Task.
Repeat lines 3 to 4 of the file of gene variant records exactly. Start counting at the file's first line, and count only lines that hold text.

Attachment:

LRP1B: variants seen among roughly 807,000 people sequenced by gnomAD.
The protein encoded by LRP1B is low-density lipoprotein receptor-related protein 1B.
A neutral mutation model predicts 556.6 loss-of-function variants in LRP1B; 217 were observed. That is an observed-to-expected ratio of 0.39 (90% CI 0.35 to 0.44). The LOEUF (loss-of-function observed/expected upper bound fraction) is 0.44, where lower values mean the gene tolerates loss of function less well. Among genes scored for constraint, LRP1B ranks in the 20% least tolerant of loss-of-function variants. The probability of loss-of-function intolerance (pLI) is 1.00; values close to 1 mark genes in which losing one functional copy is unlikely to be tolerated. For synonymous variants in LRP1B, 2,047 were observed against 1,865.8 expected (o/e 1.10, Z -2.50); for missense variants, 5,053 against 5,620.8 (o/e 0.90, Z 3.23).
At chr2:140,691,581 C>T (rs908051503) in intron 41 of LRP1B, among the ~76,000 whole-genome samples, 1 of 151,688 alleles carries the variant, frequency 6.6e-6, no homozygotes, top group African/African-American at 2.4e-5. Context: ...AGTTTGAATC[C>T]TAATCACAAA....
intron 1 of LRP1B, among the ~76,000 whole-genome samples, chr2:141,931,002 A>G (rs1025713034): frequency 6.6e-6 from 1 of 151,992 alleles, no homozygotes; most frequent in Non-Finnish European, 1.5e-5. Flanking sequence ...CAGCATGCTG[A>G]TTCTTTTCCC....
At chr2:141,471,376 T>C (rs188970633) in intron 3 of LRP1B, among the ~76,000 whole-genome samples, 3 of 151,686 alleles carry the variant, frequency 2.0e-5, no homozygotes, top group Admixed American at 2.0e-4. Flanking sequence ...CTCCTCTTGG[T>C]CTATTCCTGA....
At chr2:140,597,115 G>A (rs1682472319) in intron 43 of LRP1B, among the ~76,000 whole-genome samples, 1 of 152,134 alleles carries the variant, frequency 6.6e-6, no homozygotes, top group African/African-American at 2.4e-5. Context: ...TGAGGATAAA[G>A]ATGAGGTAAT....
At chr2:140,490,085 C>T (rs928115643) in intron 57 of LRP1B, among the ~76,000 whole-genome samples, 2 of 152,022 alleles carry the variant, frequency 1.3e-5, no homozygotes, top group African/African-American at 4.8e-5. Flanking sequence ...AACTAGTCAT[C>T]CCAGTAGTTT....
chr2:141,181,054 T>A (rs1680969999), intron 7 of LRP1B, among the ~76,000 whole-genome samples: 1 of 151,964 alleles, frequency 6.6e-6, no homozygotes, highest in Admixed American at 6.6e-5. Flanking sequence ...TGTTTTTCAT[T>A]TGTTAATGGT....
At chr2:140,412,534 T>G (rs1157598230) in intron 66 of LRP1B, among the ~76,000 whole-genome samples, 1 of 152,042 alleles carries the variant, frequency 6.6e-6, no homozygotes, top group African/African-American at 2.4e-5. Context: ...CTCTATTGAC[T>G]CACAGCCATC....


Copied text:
A neutral mutation model predicts 556.6 loss-of-function variants in LRP1B; 217 were observed. That is an observed-to-expected ratio of 0.39 (90% CI 0.35 to 0.44). The LOEUF (loss-of-function observed/expected upper bound fraction) is 0.44, where lower values mean the gene tolerates loss of function less well. Among genes scored for constraint, LRP1B ranks in the 20% least tolerant of loss-of-function variants. The probability of loss-of-function intolerance (pLI) is 1.00; values close to 1 mark genes in which losing one functional copy is unlikely to be tolerated. For synonymous variants in LRP1B, 2,047 were observed against 1,865.8 expected (o/e 1.10, Z -2.50); for missense variants, 5,053 against 5,620.8 (o/e 0.90, Z 3.23).
At chr2:140,691,581 C>T (rs908051503) in intron 41 of LRP1B, among the ~76,000 whole-genome samples, 1 of 151,688 alleles carries the variant, frequency 6.6e-6, no homozygotes, top group African/African-American at 2.4e-5. Context: ...AGTTTGAATC[C>T]TAATCACAAA....